Abstract: A recent Supreme People’s Court decision has supported the view that manufacturing products in China for export overseas does not constitute use of a trademark, and so  cannot  be  considered  infringement  of  a  trademark registered  in  China.  After  years  of  uncertainty  over  the  position  of  Chinese  courts, government and customs authorities over the so-called “OEM” (Original Equipment Manufacturing) issue, the decision is strongly indicating a likely future trend.

The decision was issued in a case involving the PRETUL trademark with a Chinese registration number 3071808. The trademark holder and the plaintiff in this case was Focker Security Products International Limited (hereafter referred to as Focker). The defendant was Yahuan Lock Co. Ltd (hereafter referred to as Yahuan) and there was another party involved named Truper Herramientas S. A. De C. V. (hereafter referred to as Truper) who was the holder of the PRETUL trademark in Mexico. Entrusted by Truper, Yahuan manufactured lock products labeled PRETUL in China for exporting to Mexico. As such, in this trademark infringement case, the court considered that Yahuan made the products and exported them all outside China, which would not mislead consumers to the products being labeled PRETUL provided by the PRETUL trademark holder in China, Focker, and no infringement would be established.

The “OEM” issue has been considered as an uncertain matter for many years in China, no matter in administrative enforcement  proceedings or judicial practice. According to the statistics from the China Customs, 1,342 shipments were seized by customs authorities in the year of 2009, among which 323 were about the “OEM” trademark issue. They were all made in China and for export only. However, some of them were considered as infringing products while others not.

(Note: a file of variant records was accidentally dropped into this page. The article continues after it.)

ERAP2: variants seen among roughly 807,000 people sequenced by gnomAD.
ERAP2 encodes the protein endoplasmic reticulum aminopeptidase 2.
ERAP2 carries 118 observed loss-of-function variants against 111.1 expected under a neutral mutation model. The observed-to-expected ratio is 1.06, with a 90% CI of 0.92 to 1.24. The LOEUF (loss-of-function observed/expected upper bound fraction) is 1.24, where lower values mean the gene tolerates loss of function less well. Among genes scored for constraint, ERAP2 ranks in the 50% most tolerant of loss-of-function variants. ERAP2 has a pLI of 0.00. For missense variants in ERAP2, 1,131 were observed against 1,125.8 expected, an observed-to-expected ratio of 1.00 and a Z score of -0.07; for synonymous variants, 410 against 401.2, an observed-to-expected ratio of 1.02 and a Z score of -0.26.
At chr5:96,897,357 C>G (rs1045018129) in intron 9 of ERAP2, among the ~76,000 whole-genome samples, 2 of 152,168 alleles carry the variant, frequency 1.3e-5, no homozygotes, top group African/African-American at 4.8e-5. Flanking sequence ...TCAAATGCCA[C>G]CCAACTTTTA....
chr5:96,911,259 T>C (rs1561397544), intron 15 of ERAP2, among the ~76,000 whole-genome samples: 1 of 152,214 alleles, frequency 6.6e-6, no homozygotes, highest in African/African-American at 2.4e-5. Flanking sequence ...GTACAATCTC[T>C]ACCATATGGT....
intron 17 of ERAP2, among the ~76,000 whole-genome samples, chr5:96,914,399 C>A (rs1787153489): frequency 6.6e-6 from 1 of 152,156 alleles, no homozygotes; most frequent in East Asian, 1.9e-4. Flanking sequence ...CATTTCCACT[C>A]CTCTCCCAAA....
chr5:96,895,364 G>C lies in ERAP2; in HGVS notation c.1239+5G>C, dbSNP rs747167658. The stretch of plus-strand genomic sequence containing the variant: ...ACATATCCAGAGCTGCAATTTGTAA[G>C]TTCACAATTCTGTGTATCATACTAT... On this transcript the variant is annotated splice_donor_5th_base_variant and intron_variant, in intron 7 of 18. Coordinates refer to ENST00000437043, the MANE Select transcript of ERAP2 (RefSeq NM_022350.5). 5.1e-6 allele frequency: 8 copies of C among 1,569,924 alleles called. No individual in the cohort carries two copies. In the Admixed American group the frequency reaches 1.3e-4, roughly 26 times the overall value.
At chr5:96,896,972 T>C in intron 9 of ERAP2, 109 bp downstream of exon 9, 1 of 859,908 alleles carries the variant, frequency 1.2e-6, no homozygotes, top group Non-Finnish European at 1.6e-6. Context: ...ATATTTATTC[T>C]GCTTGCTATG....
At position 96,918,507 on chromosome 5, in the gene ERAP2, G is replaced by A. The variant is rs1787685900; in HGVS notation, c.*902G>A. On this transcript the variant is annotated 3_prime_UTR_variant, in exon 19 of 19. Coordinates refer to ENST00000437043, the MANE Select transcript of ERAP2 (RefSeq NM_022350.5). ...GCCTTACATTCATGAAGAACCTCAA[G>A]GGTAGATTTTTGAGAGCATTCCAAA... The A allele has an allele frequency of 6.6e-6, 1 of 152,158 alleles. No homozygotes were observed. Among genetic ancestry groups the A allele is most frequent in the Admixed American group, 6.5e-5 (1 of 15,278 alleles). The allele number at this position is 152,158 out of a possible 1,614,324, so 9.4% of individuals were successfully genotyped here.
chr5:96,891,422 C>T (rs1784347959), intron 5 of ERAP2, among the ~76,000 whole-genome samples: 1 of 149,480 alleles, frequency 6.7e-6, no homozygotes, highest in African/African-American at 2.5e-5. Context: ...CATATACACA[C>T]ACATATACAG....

Before the “NIKE case” in 2002 (refer to a summary of the case at the end of the article), a majority of courts in China considered the “OEM” trademark issue did not constitute infringement. However, after the decision of the “NIKE case”, some courts changed to the other side. In 2010, the Office of Supreme People’s Court made the issue formally clear in an official document and affirmed it did not constitute infringement. Until this PRETUL case, the Supreme People’s Court made the decision following the previous document. The case was considered as a milestone in the “OEM” trademark issue and indicated a trend that manufacturing for export does not constitute trademark infringement against a registered trademark in China.


In 2000, Jiaxing Yinxing Garments Ltd. (hereafter referred to as Yinxing) and Zhejiang Animal Products Ltd. (hereafter referred to as Animal) were entrusted by Cidesport Company of Spain (hereafter referred to as Cidesport) to manufacture clothes with the trademark of "NIKE" in China for export to Spain, where Cidesport was the trademark holder of "NIKE". Nike International Ltd. (hereafter referred to as Nike) initiated an infringement lawsuit before the Shenzhen Intermediate Court based on its registered trademark right regarding "NIKE" in China. In December of 2002, the Court decided that the OEM manufacturers’ use of the “NIKE” trademark constituted trademark infringement and the three defendants (Yinxing, Animal and Cidesport) infringed Nike's trademark right in China. At last, the three defendants were ordered to cease infringement immediately and compensate Nike's losses for around USD 50,000.